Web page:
Monday, November 8, 2010

UnRecipe: Wasabi Two-Step

Consider it a kitchen lesson inspired by ballroom dancing. But without the B-list actors and questionable celeb wannabes. To avoid the temptation of a burger-and-fries run, but stave off the evils of mealtime boredom, I'll make a few things during the week for meals, just like anyone else. But I don't want to be stuck in the prep time vortex on days where there's just not enough time. Introducing... The Wasabi Two-Step -- no line dancing required. It's basic common sense time management: pick one slow-cook, large quantity, leftover-friendly dish for days that are short on fuss time and one quick-cook, minimal prep, smaller portion meal that's enjoyed freshly cooked. It's the slow-slow-quick-quick-slow of getting jiggy with dinnertime.

Chili and Rice is my BFF (Island style, yo) - Photo by Wasabi Prime

No duh, Wasabi -- did it take a rocket scientist to figure that one out? Hell, no! Brain surgeon, maybe. Very possibly an astrophysicist was involved. My last quick-slow cook week involved getting a slow cooker of chili going while I made a simple eat-it-now dinner of trout and garden greens. The chili was the basic UnRecipe of: chunks of beef, canned tomatoes, chopped onions, sausage and black beans. I throw together a mix of seasonings that I have never measured, so it's different every time (I know, bad recipe developer, bad, bad, bad!). There is no method to this madness, just throw it into the crucible that is the almighty crock pot and let it do its thing for a few hours, letting the cooking vessel do all the real work. That's how you get to be the master of your kitchen domain. Delegate to the robot army of appliances and hope they don't overthrow you in a high-voltage political coup.
One of the best things about chili and stews is the fact that it just gets better the longer it sits. It just ages like a fine, meaty wine. I'll make a chili a whole day in advance of when I want to eat it, just so it has more time to just soak in its own flavors, even in the chill of the fridge. Plus chili is one of those monthly go-to's that I still rely on, as my mother did the same. We'd have it at least once every two weeks, since it was so simple to make and it kept our family fed for several days. Poured over rice, of course -- a Hawaii favorite. I know it may seem weird, but just try it and you'll be a convert to chili and rice.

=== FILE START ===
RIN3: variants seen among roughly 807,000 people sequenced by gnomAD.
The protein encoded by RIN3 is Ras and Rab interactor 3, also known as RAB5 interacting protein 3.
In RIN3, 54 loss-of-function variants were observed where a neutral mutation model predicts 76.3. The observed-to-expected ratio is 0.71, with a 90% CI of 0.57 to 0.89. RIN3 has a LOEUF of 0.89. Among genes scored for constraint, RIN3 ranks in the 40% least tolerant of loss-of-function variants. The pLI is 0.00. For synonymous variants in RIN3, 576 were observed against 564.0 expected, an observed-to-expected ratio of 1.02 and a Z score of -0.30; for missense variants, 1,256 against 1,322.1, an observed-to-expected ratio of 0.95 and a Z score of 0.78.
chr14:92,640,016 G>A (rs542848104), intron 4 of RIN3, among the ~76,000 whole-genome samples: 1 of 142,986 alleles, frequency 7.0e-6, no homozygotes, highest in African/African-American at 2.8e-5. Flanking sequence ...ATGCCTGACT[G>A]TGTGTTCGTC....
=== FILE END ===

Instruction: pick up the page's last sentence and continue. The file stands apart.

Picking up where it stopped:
Summertime fish dish - Photos by Wasabi Prime

I know I'm not fooling anyone -- I clearly made this trout dish during the earlier part of summer, as witnessed by the fresh sugar snap peas. And I'm clearly backlogged on my food photos and posts! This was during the heyday of the Wasabi Garden's pea patch, where I was pulling handfuls of pods every day. Never a bad problem to have. I seared some trout filets we had from a friend's fishing trip, seasoned with some garden pesto, and deglazed the pan with some white wine, butter and sauteed whatever seasonal vegetables I had on hand -- peas, late spring onions, anything green. A dish like this felt very of-the-moment, as we were using things that were at their peak, no real plan in mind, just use what's there. Not that seared fish in a wine and butter sauce couldn't be done at any time of the year, but it was a nice way to work with the ingredients at-hand and enjoy them at their seasonal peak.

What about you? What are your favorite ways to balance time and get a meal on the table?

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  1. Yeah, this is always an issue for me on weeknights, with kids who need to be eating dinner just a few minutes after I get home from work. One strategy that sometimes works for me is to not just *serve* leftovers, but transform them. For example, mujadara one day, then turn that into a lentil and rice soup the next day.

  2. Yum, this chili looks delicious!! It’s one of the best things to look forward to during the winter! You should really consider submitting this to Recipe4Living’s Champion Chili Contest It looks delicious!


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